A community-led exhibition asking photographers to reflect on their relationship with our coastal waters, seeks to raise funds for a charity rescuing refugees in the Mediterranean
For Ruth Medjber, the Poolbeg chimneys mean the world. The 200m candy-striped stacks in Dublin Bay feature prominently in her Instagram feed, and when she thinks of a sea vista that fills her with happiness, the now disused red-and-white twins are always there.
“They’re my home from home,” the renowned Dublin photographer says. “I used to live in London, and when I’d get the ferry home and first see those lads, my heart would be in my mouth. I’d be so excited.”
Medjber is mulling over what the sea means to her, and she is hoping to inspire others to do likewise. Together with Karen Cowley, of the Choice Music Prize-nominated Bray band Wyvern Lingo, she is curating a charity exhibition, Surrounded By Sea, and is calling on amateur and professional photographers alike to submit a photograph that best captures all that’s special about our coastal waters.
Hundreds have already been received — including photos taken by celebrities such as musician Hozier, model Thalia Heffernan and comedian PJ Gallagher — and the best will be picked for the exhibition that takes place in Dublin next month.
Proceeds from Surrounded by Sea will go to Refugee Rescue, a Northern Irish charity founded in 2015 by Joby Fox and Jude Bennett. “They do amazing rescue work in the Mediterranean,” Cowley says.
“The search-and-rescue community in the Mediterranean is made up of so many international volunteers, and a lot of them are Irish. And yet, oddly, it doesn’t get much attention in the media here. Maybe it’s because of our physical distance from the Mediterranean, but I think if people knew the extent of what was happening there, they would be completely outraged.”
It is estimated that, on average, between five and six refugees lose their life trying to cross the Mediterranean every day. “We want to raise awareness, and the exhibition is a small way of doing that,” Cowley says.
The two women have known each other for years. “I’m a big fan of her band,” Medjber says, “and I always try to haunt her and take photographs of her. And this year, during festival season, I asked her how I could be involved in Refugee Rescue because I think what they do is amazing.”
Raising funds and awareness was key for Medjber and Cowley. An exhibition of photographs soon took form. “The obvious thing is that me as a photographer goes away and takes portraits, but that only has a certain amount of reach,” Medjber says. “But this should be community-led. It should involve a lot of people. So I decided to step back as a photographer and be a curator instead, and the two of us can work together on a huge exhibition.”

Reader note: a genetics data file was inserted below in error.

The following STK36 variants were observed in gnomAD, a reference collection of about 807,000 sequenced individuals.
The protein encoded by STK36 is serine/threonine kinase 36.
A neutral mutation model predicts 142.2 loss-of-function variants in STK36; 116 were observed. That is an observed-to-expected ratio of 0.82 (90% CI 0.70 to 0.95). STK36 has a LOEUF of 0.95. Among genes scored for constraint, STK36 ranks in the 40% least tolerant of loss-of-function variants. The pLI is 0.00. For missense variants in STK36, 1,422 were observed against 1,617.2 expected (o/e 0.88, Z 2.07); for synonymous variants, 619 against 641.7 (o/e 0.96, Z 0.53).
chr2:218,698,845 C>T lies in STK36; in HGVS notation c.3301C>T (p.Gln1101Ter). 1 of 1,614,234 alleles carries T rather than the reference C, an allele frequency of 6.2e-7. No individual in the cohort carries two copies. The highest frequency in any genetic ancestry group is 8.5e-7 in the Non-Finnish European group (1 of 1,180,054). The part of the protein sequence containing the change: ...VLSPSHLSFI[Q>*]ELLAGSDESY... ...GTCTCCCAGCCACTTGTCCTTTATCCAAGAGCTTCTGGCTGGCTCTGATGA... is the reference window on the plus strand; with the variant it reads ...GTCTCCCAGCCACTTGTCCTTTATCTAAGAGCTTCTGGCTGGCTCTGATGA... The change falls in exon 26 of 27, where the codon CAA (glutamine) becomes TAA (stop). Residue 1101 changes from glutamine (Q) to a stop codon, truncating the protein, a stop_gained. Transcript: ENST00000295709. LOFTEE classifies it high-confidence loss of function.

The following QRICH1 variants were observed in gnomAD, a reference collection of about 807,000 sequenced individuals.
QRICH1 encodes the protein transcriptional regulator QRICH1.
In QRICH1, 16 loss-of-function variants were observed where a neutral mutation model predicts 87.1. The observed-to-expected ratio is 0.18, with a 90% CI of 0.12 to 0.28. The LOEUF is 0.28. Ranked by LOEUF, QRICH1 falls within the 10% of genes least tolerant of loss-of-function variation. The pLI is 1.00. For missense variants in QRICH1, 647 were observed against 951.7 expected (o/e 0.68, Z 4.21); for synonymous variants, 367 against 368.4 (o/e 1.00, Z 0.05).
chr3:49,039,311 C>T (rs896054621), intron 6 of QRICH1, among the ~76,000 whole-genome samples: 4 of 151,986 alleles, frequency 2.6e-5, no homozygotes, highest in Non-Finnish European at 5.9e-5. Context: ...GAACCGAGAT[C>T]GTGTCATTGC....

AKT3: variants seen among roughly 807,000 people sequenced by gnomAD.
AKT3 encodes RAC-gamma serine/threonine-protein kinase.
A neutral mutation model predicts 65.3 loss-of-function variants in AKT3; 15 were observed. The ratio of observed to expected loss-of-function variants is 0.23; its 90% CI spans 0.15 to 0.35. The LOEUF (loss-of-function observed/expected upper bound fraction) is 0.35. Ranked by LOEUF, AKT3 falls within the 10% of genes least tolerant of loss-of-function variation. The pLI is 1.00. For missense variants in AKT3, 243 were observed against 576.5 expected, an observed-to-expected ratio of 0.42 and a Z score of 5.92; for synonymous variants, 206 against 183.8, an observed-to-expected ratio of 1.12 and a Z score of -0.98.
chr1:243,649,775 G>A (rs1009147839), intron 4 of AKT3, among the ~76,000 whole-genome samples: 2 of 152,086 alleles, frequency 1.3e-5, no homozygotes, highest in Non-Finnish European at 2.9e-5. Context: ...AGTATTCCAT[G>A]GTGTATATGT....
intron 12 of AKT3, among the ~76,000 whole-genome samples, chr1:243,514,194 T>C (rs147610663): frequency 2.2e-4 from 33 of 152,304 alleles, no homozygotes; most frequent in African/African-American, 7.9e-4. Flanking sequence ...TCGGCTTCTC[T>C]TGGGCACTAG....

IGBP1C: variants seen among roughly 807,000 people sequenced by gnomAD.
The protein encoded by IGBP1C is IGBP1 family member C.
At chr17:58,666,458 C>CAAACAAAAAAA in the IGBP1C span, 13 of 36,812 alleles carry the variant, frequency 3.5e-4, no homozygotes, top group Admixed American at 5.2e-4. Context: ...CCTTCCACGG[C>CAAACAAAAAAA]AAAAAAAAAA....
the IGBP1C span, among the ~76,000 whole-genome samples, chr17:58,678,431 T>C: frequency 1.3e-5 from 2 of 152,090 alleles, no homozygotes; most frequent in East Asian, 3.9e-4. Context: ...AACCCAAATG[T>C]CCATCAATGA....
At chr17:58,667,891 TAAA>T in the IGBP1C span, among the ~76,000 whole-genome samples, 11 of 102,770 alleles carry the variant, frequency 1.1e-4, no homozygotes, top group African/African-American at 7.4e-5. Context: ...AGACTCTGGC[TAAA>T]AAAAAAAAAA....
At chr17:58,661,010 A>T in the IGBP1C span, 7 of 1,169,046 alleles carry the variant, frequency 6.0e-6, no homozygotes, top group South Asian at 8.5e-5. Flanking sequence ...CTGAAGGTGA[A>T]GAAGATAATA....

The idea of photographs of the sea came early, not just because, for many refugees, the sea — primarily the Mediterranean — offers transit to what they hope will be a better life, but because, as an island nation, we Irish have a special relationship with it.
“For me,” Cowley says, “the sea captures the joy and sorrow of life combined. I love swimming in it, but I’ve always been aware of its dangers.”
Photographs can be submitted to Surrounded by Sea up to November 29. Entries cost €10 and proceeds will go to Refugee Rescue. The exhibition will be held at the Dean Art Space, Dublin 2, from December 10-12.
“Over the past year or so, I’ve spent more time in the sea with friends. For me, it’s become a place of community, marking the beginning or end of the day, and feeling grateful.”
“The sea, to me, means freedom, an openness, a great space to be at peace, the sea air, the breeze, the stillness, the calm and the storm, the intrigue of the unknown and the adventure and freedom it brings.”
“The sea gives me the feeling of familiarity that I can tap into anywhere in the world. I use it to soothe my anxious mind when I travel. I let the sound wash over my noisy thoughts and drown out the sounds of a blustering world and recentre me with its infinite rhythm. I focus my eyes on the horizon and blissfully zone out. It’s meditation, nostalgia, comfort and peace. It is my home from home.”
“For me, the sea brings peace and a sense of calm. I’ve always loved the idea that the tide comes and goes, the constant ebb and flow acting as a reminder of mother nature’s strength and softness. Everything from the sound of the waves to the feel of the sand under foot. Exploring rock pools, finding hidden treasures in the form of sparkling stones and mostly shattered shells, and looking out in the hopes of spotting a wild seal or dolphin. I have such fond memories of walking the beach as a child. Seasons never mattered; we always made it work. And now that I’m older, nothing brings me joy like taking my two dogs to the beach and watching their eyes light up, the sights and smells even more vivid for them.”
“[This is taken from] the edge of my granny’s graveyard. I adore that place. It’s called Abbey Island and is in Derrynane. The sea reminds me of family and childhood. It was where our family from all over Ireland and England would meet in the summer. I remember sunshine, laughter, being allowed to eat all the penny sweets we could handle ’cause the adults were having too much fun to pay attention to us.”
“Over the last few years, the sea has become a form of therapy for me. It’s got a healing quality and it demands you embrace the present moment when you enter it. Some people call it a shock to the system. I call it a reset of the system.”
The Happy Pear
“The sea gives us hope. It is ever-changing and has become a central part of our daily lives. We have met so many wonderful friends through swimming in the sea at sunrise. As a friend once said: ‘We don’t always like the person going into the sea, but always like the person getting out.’”